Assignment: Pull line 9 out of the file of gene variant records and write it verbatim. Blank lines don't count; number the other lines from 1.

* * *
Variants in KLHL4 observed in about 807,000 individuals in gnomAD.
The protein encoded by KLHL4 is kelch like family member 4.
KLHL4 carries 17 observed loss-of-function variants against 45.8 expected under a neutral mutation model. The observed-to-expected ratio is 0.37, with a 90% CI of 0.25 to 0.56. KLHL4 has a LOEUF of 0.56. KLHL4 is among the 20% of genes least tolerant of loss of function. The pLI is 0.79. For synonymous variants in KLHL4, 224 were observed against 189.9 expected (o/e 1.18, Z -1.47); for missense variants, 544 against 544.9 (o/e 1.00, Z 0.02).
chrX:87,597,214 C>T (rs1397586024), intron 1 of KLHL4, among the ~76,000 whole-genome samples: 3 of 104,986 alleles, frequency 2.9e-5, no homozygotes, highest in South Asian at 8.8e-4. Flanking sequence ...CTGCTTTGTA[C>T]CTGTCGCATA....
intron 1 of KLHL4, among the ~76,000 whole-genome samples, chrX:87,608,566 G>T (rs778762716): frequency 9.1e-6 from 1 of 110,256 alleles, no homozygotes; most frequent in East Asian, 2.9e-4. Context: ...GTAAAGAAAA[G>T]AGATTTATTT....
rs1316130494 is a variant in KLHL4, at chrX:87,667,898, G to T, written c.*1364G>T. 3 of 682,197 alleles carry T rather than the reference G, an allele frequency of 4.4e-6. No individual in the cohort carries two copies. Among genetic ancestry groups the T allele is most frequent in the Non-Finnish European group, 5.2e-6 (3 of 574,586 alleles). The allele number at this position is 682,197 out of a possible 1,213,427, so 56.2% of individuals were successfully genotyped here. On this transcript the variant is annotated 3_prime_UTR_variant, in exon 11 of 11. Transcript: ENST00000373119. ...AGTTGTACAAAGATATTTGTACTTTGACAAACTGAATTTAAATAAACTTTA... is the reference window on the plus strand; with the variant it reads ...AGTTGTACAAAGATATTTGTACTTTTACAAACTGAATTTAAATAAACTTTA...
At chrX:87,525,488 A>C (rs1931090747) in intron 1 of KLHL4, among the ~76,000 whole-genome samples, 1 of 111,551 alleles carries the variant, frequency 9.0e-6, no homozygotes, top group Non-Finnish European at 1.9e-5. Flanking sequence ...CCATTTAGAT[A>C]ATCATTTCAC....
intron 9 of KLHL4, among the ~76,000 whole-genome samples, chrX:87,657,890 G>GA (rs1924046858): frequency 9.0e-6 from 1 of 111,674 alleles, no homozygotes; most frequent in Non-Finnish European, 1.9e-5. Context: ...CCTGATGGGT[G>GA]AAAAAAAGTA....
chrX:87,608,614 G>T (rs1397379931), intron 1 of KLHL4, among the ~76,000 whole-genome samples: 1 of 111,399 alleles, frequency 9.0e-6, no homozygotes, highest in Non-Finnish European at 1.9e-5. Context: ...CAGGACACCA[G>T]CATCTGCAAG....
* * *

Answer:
chrX:87,608,614 G>T (rs1397379931), intron 1 of KLHL4, among the ~76,000 whole-genome samples: 1 of 111,399 alleles, frequency 9.0e-6, no homozygotes, highest in Non-Finnish European at 1.9e-5. Context: ...CAGGACACCA[G>T]CATCTGCAAG....